Trading bikes, me on the KTM and Chris on my DR350

Trading bikes, me on the KTM and Chris on my DR350

Throughout the ride I got to ride Chris’ KTM 500 which turned out to be a relative of Hell Boy. I took it on a very short, easy portion of the Pachaug Loop. I almost wound up plowing into the guy in front of me when I hit a rock and blipped the throttle. Holy Shit! I was screaming in my head the entire ride. “I’m going to die, I’m going to die!” I managed to stall on a hard right, uphill turn, making everyone behind me have to stop in an awkward spot. I got it going, and just took it as easy as I could to get out of there. I hadn’t even come to a complete stop at the end of the section and was jumping off, more than happy to hand it back over to its rightful owner.

me riding Andy's '08 Husky TE610 and he on my DR350...note the stuffed hedgehog!

me riding Andy’s ’08 Husky TE610 and he on my DR350…note the stuffed hedgehog!

Another one of our group graciously lent me his 2008 Husqvarna TE610. I’ve ridden his bike before on a short section of the loop, but this time I kept it for about an hour to an hour and a half. What a treat, that bike is. While it may weigh the same or even a bit more than my DR350, it’s how the weight is distributed and that lovely mid-range that just gives you incredibly confidence. I was flying down a trail in the 40s! I never do that.

Stopped in the woods

Stopped in the woods

Saturday night said Husky owner brought out two huge, and I mean huge, pots of chili. One venison and one vegetarian, with all the fixins. This was the first CNR that I did no cooking. What a treat!

On Sunday, a couple of new riders showed up, and a bunch of us took them on a tour through the Pachaug campground roads and into the Arcadia Management Area in Rhode Island. What we didn’t know is that it was the annual Blessing of the Horses in Arcadia. I’ve never seen so many horses and it really cramped our riding as we pulled over and cut the engine for each group plodding along the motor vehicle gravelled roads. What annoys me is when the horse folks get upset with us, even though we pull over and wait for them to pass, on a public road. Are cars and trucks doing that? No way. As someone who used to ride horses, I understand the power of the animal, but why are you clomping around on a public road? We motorcyclists are as respectful as we can be, concerned for your well-being and not wanting to spook the horse, but you let the animal poop all over the roads, and sneer and complain. I just don’t get it. Buy some land, create some trails, and get off the feckin’ roads.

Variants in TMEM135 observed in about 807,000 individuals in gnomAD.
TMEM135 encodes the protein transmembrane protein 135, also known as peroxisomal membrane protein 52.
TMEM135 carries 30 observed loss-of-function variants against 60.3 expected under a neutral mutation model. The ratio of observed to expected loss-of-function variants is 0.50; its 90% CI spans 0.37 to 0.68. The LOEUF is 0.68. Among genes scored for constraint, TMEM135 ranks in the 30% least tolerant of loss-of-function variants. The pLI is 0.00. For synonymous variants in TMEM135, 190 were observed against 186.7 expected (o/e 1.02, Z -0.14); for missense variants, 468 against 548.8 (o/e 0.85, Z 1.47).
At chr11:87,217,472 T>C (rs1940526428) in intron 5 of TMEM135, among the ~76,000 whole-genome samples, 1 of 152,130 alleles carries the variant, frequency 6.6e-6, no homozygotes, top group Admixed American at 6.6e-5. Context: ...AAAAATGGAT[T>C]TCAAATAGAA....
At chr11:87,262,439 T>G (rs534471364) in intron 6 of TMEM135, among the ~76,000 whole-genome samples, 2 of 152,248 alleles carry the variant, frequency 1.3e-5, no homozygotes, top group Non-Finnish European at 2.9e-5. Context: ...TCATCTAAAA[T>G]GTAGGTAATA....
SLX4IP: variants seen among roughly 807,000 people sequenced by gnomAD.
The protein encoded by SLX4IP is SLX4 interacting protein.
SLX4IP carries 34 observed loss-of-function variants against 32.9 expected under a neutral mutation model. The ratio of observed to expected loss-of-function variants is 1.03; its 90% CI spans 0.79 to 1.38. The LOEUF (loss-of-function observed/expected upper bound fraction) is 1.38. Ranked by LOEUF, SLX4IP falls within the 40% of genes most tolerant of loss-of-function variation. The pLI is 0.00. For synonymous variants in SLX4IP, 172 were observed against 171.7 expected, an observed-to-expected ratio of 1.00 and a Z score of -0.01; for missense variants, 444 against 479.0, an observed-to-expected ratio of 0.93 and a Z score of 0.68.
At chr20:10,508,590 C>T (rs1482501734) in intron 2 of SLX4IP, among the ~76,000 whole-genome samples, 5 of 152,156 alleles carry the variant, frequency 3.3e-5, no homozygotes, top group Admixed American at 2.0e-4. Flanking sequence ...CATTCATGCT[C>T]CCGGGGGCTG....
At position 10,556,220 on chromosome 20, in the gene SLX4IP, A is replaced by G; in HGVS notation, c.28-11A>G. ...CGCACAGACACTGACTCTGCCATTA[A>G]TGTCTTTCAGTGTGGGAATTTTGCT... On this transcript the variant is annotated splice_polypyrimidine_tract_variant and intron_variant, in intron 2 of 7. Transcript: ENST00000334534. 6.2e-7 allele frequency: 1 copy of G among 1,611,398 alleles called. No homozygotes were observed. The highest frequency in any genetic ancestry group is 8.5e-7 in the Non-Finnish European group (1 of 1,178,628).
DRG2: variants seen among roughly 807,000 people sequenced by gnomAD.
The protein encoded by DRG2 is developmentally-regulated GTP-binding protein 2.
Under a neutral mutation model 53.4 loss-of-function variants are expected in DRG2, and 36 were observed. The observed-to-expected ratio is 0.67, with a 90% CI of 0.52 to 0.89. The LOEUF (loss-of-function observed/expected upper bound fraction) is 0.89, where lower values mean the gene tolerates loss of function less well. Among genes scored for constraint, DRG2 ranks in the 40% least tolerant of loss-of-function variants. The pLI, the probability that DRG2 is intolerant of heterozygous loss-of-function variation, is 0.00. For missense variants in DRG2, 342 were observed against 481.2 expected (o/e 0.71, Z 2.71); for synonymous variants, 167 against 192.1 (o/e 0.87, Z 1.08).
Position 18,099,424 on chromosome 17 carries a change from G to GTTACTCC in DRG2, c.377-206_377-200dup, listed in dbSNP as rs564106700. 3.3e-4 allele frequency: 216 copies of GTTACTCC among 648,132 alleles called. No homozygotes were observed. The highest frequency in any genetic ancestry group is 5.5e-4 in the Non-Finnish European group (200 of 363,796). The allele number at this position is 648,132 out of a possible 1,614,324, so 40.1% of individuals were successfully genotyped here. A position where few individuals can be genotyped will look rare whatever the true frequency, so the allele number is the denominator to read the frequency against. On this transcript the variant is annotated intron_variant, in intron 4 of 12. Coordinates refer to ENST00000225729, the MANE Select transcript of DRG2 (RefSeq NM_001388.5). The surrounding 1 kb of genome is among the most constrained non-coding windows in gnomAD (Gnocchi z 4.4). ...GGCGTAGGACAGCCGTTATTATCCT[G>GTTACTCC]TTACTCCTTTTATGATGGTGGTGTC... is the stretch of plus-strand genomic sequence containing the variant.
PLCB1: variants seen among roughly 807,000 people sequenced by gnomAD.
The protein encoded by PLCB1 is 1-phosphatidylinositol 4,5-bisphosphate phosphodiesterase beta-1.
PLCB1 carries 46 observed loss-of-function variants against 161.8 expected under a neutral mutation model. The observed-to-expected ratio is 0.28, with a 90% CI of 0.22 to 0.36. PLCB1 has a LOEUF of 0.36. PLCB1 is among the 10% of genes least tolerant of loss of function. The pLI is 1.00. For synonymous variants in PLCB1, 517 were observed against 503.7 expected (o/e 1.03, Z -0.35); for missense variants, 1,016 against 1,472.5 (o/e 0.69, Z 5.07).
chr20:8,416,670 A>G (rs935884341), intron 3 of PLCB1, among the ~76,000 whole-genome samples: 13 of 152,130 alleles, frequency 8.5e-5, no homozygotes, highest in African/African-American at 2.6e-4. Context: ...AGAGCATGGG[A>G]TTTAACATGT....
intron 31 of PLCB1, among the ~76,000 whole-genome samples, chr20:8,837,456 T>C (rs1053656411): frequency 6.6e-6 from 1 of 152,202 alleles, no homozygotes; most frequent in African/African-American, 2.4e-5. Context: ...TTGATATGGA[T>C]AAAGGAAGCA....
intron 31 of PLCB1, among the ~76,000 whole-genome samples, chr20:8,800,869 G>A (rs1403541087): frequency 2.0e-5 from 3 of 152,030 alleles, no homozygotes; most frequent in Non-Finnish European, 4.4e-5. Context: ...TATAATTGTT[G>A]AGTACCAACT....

Shortly thereafter the boyfriend and I broke off and headed on a leisurely ride back to Providence. All in all, a very nice weekend.

Still life with Transalp & DR350SE in the Connecticut woods

Still life with Transalp & DR350SE in the Connecticut woods